“Did your father leave any information about its history?”
“Whatever he knew, he took to his grave. Mom hoped it might help stop these nightmares I’ve been having. The Will stated that I receive this when I turn 21, honoring his last wish.”
Laura suppressed a yawn placing the medallion back inside her shawl. The loud rap music wasn’t helping her throbbing head. People started wandering out onto the terrace, staring at her jewelry.
“I know a more private place where we can talk. There’s a small conference room to the left of the bathrooms next to the buffet tables,” he said, motioning her to follow. Her legs felt like lead and her eyes stung from the smoke drifting in from the open windows form the cigarette smokers.
He closed the door to the tiny sitting room, lowering his voice. “Tell me about these nightmares,” he said, motioning her to sit on one of the flowered couches
“I see a castle under siege. The left tower is blown away, and then I hear a baby crying. Everyone is dressed in black. I wake up before I see who’s in the coffin in front of me being lowered into the ground, which has the same rose on this medallion. I must have seen this long ago.”
Dr. Harris nodded, acknowledging what Laura said, adjusting the black patch over his left eye before sipping his glass of punch.
“Anything from the Schubert Home for Girls?” he asked, handing back the medallion.
Laura sighed, rubbing her eyes and shifting her feet. She whispered, “Any records of my adoption were destroyed in the fire. The surviving staff won’t say anything or vanish after talking to me.”
Dr. Harris thought for a moment. “Be careful, Laura. Did you tell anyone about these
“My mother knows. She thinks they’re stress induced. Midterms are coming up.”
He rose. Document everything, but keep it in a safe place.”
Laura nodded to the large back of the retreating, bowlegged pirate. For a man in his early fifties, he moved fast. Dr. Harris was a man of few words, but she trusted him as her mentor, teacher, and advisor. Why had he left so quickly? Her throat felt scratchy, like cotton. She drank three full glasses of red punch, mixed with Canada Dry before it felt good to swallow again.
. Laura jumped at a tap on her shoulder. “Want to dance, Morticia?”
“Move it, Blackbeard.” The excess liquid hit her bladder like a tsunami. She looked around for a bathroom, sighing when she spied a restroom sign near the buffet tables along the wall. Laura rubbed her throbbing temples, longing for a night of uninterrupted sleep. Her eyes burned, and she headed for the restroom to splash cold water on her face. What sounded like a body slamming against the bathroom door convinced her she was not in a party mood. She waited for the commotion to stop before stepping into the hall. Hands grabbed her from behind and yanked her into the shadows.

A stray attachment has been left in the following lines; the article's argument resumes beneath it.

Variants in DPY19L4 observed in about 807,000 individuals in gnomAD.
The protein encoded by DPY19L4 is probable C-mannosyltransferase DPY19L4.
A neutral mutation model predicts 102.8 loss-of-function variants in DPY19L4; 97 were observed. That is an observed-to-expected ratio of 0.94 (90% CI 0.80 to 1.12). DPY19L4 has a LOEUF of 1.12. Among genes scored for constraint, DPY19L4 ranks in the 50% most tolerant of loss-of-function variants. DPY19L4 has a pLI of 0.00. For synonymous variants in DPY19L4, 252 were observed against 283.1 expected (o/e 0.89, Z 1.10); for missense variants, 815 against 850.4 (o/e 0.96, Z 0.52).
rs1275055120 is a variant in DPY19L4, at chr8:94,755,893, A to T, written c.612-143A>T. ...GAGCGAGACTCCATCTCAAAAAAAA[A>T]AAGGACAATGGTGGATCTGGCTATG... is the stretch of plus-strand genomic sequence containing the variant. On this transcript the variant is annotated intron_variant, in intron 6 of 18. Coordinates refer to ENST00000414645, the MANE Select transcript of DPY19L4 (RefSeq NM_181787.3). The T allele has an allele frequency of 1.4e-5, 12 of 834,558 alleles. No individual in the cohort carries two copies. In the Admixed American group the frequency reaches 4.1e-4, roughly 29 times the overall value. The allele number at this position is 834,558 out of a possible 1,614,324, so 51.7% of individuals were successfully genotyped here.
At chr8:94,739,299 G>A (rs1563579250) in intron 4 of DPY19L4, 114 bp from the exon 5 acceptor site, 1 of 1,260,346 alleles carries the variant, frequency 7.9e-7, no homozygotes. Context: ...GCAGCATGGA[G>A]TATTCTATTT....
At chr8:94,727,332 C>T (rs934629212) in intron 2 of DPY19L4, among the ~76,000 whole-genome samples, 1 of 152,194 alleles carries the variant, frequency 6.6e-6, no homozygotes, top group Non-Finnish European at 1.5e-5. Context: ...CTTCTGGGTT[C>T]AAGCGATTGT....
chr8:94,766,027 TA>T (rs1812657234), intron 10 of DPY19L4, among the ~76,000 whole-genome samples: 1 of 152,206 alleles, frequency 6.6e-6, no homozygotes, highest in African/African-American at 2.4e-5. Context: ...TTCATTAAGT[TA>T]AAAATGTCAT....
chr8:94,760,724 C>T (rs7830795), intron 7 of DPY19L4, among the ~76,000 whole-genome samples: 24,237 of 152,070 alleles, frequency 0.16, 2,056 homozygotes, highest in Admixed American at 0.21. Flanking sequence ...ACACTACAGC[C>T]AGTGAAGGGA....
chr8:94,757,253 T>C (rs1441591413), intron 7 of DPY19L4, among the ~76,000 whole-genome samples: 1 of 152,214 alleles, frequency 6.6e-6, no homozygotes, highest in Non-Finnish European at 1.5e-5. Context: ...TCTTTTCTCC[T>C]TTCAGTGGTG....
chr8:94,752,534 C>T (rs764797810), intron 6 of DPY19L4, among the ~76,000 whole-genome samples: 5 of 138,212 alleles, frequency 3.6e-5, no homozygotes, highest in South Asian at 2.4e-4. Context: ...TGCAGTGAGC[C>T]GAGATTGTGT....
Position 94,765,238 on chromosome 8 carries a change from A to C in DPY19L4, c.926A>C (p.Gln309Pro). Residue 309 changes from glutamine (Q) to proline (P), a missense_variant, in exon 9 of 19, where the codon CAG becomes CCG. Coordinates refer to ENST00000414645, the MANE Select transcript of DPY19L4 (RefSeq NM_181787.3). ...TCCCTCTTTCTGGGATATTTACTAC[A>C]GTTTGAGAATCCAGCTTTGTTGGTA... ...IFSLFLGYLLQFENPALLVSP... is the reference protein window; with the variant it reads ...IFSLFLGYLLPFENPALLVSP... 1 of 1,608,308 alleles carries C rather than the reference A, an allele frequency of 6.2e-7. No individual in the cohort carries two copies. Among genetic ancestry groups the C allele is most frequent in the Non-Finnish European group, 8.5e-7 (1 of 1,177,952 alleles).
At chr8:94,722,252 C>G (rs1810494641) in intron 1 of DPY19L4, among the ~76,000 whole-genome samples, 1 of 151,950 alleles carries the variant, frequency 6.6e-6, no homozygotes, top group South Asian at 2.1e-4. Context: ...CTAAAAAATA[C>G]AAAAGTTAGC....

“If you want to stay alive, keep silent.”
“Who is this person? Why are those men dressed in black?” she thought, to herself frantically. To her shock, the deep male voice, using a sinister tone, whispered in her ear. Her body stiffened. Her heart hammered against her ribcage.
“See those men dressed in black? They’re Cleaners. They ‘clean up’ messes you know-- kill.”
“I’m ex…” she started.
“Lower your voice! Do you want them to hear you?” His tone left no doubt what the Cleaners would do if they heard her.
“Who are you? Where are you taking me? I’m exhausted. I have no time for games!” She whispered back, unsure of whether to be frightened or not. She saw a man’s thin, long fingers as he kissed her left hand, putting his cape around her shoulders.
“Trust me. This is NO game, Princess. I have to get you to a safe place,” he said.
“Don’t call me that. I’m not going anywhere. I don’t know you! Put me down!”
“Sorry, Princess Laura, you’re coming with me,” he said, placing a white handkerchief with chloroform over her mouth and nose. He scooped her limp body into his arms, carrying her into the shadows.
“Laura, Wake up! Dr. Harris is on the phone. It’s urgent.”
The foggy memory of Friday evening’s events returned. How did she get here? She sat up noticing she was still in her costume.
She rubbed her eyes. “What day is it?”
“Sunday evening,” her mother said, smiling. Laura took the phone. What happened to Saturday?
“Could you come to my office? I have some information on your medallion.”
“I need a shower and some food first. I’m starving. I’ve been asleep for the last two
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